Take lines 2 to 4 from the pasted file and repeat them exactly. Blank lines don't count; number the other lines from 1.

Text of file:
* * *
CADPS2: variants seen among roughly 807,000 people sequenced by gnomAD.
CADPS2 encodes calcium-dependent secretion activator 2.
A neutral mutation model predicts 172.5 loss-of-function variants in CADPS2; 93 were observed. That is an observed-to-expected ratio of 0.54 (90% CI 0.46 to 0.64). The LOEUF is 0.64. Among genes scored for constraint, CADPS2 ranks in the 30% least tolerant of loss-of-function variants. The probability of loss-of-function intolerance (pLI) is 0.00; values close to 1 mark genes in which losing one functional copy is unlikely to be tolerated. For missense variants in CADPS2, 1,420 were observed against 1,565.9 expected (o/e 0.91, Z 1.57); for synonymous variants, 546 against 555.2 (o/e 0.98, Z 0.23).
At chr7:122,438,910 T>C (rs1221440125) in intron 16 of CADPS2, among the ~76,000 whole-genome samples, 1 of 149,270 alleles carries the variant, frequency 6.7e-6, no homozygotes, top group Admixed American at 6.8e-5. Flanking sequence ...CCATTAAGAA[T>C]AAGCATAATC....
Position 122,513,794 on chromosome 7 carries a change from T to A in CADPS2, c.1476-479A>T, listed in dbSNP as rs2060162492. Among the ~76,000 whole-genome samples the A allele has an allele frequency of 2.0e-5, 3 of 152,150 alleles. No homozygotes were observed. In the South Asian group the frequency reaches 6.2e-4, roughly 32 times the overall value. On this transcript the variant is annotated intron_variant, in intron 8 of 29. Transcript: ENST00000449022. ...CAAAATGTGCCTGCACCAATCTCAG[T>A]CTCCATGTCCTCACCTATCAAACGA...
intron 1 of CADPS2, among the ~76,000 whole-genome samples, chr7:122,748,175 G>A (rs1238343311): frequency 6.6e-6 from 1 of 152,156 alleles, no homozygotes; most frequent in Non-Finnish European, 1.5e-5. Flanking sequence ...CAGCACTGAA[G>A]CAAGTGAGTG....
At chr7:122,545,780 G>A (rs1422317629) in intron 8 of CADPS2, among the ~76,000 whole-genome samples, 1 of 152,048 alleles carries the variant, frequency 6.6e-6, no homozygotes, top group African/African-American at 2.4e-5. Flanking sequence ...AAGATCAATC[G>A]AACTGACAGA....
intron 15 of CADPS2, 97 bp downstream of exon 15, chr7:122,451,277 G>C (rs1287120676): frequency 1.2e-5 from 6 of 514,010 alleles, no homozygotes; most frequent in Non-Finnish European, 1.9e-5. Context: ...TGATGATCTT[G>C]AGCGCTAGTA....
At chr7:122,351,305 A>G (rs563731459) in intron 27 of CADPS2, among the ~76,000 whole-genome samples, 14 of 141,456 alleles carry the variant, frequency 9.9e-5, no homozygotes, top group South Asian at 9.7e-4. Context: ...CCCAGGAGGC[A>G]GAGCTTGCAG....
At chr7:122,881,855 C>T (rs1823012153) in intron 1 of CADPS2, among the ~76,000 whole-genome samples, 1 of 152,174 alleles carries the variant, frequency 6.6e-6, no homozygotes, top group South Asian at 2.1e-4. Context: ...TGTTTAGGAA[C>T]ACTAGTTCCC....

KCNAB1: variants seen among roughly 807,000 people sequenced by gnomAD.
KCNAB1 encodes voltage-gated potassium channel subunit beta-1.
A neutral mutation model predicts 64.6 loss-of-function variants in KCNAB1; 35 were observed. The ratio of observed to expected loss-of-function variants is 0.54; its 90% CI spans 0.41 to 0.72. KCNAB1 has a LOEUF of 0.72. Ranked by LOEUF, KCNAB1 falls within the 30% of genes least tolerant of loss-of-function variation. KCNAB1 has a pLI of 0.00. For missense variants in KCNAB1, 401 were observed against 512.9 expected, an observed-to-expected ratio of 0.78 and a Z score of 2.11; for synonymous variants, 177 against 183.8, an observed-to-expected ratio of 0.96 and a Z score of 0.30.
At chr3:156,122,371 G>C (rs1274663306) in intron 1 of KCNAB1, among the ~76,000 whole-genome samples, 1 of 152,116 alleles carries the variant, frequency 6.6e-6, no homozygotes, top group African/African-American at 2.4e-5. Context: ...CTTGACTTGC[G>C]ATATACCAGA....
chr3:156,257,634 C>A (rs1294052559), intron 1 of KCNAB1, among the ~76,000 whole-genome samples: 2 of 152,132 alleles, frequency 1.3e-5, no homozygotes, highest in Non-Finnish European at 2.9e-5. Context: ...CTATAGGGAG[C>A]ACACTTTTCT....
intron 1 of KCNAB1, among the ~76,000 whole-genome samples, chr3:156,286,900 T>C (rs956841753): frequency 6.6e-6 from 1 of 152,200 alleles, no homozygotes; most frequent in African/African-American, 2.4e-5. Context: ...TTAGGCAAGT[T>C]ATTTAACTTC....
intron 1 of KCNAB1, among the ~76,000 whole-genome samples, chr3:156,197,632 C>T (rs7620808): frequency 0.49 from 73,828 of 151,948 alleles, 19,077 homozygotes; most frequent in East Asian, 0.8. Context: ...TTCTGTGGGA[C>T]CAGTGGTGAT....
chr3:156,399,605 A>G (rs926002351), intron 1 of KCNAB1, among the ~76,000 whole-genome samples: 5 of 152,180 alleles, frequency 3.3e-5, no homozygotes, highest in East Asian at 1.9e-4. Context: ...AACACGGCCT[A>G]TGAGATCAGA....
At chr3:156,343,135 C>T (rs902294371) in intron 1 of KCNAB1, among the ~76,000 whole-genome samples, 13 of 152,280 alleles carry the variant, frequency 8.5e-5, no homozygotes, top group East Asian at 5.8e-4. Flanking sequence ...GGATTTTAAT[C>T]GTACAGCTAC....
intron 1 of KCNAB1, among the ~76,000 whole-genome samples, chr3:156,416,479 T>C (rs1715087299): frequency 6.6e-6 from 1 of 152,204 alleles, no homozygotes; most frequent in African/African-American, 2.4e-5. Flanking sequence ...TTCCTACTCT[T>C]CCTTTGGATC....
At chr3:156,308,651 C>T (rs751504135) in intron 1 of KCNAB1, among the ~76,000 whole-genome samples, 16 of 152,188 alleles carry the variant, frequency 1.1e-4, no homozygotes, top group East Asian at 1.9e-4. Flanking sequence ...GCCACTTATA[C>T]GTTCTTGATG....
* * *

CADPS2 encodes calcium-dependent secretion activator 2.
A neutral mutation model predicts 172.5 loss-of-function variants in CADPS2; 93 were observed. That is an observed-to-expected ratio of 0.54 (90% CI 0.46 to 0.64). The LOEUF is 0.64. Among genes scored for constraint, CADPS2 ranks in the 30% least tolerant of loss-of-function variants. The probability of loss-of-function intolerance (pLI) is 0.00; values close to 1 mark genes in which losing one functional copy is unlikely to be tolerated. For missense variants in CADPS2, 1,420 were observed against 1,565.9 expected (o/e 0.91, Z 1.57); for synonymous variants, 546 against 555.2 (o/e 0.98, Z 0.23).
At chr7:122,438,910 T>C (rs1221440125) in intron 16 of CADPS2, among the ~76,000 whole-genome samples, 1 of 149,270 alleles carries the variant, frequency 6.7e-6, no homozygotes, top group Admixed American at 6.8e-5. Flanking sequence ...CCATTAAGAA[T>C]AAGCATAATC....